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What Are File Extensions? - Part 3

Aside from the benefit it provides to computer systems, file systems are beneficial for us users. By merely looking at the properties of the file where the file extension can be seen, we can immediately figure out what type of applications we need to open it. Similar to what Windows do, if a file you opened does not associate any installed application on a system, it will prompt you if you want to look for compatible applications through the Internet.

Though with the help of file extensions a file can be rendered by similar applications that created it, there are instances when this does not work. And that is for cases referred to as backwards compatibility. Applications are upgraded to fix bugs and meet future demands. The process of upgrading an application may some times remove its ability to render files created with an earlier version. Microsoft Word 2007 produces a different type of document than its predecessor. It appends the *.docx file extensions which is unreadable to older Microsoft Word applications. This requires the compatibility software to be installed to resolve this limitation.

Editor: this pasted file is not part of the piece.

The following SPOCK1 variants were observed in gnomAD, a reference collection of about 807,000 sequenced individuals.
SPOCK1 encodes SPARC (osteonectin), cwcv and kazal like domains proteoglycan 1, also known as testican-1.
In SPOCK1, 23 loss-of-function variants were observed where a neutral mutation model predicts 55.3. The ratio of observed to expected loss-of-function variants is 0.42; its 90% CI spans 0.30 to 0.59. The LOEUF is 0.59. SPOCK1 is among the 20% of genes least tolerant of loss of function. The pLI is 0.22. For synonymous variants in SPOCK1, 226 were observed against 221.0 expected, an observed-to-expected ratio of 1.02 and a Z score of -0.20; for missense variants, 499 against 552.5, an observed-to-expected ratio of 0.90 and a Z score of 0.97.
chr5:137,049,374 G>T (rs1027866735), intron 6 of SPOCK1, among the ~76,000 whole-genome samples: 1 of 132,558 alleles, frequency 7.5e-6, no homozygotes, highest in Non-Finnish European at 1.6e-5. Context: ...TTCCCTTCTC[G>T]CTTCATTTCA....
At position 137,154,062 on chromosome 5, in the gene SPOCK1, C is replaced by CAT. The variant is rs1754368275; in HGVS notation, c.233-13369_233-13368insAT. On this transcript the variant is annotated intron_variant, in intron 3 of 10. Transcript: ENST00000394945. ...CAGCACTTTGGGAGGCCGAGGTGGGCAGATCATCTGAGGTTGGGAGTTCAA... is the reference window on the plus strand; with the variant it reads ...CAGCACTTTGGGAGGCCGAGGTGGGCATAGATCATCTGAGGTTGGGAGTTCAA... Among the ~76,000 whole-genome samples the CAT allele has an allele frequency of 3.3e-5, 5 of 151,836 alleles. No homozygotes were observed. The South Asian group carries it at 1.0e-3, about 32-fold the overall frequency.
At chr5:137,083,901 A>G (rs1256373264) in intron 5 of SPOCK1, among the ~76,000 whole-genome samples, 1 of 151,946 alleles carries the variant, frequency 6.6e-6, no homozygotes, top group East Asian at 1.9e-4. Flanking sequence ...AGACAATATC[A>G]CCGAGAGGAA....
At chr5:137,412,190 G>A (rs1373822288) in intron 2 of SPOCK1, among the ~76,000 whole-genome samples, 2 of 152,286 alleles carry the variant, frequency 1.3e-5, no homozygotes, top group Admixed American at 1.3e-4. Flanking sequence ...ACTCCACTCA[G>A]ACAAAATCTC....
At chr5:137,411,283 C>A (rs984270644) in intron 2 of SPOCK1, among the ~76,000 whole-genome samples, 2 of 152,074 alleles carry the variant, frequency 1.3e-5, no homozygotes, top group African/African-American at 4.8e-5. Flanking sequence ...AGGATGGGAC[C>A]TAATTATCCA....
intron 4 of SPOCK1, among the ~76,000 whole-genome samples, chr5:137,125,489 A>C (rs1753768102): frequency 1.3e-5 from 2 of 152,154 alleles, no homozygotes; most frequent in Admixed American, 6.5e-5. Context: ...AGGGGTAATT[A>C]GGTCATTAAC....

Some applications are also designed to render multiple file extensions. This means that aside from the default file extension it creates, it can also open and execute other file extensions related to it. Popular examples are the WYSIWYG (What You See Is What You Get) applications that are used to design objects found on the Internet. Aside from the default *.html extension it create, WYSIWYG's can also open and execute files with extensions *.php, *.asp, *.aspx, *.htm, *.html, *.jsp, and other extensions used to run web pages.

Without the presence of file extensions, computers will be having issues in associating files with applications. To simplify the complex nature of file extension, we can say that these are suffixes associated with a specific application that can execute a file. So if you have a file labeled "text.doc", then it is not in any way associated to the file "text.odt". As long as you have file extensions that make your filename unique to the application that created it, the file will never be in conflict with other files of the same filename.

Get more information about how to open NOMEDIA file.

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If you are not able to open file with certain file extension make sure to check if extension for the file is correct. It is possible that information in the file doesn't match file extension.

File Extension Info

NOMEDIA Quick Info
  Marker for Non-Media folders
Opens with
  Any text editor or file explorer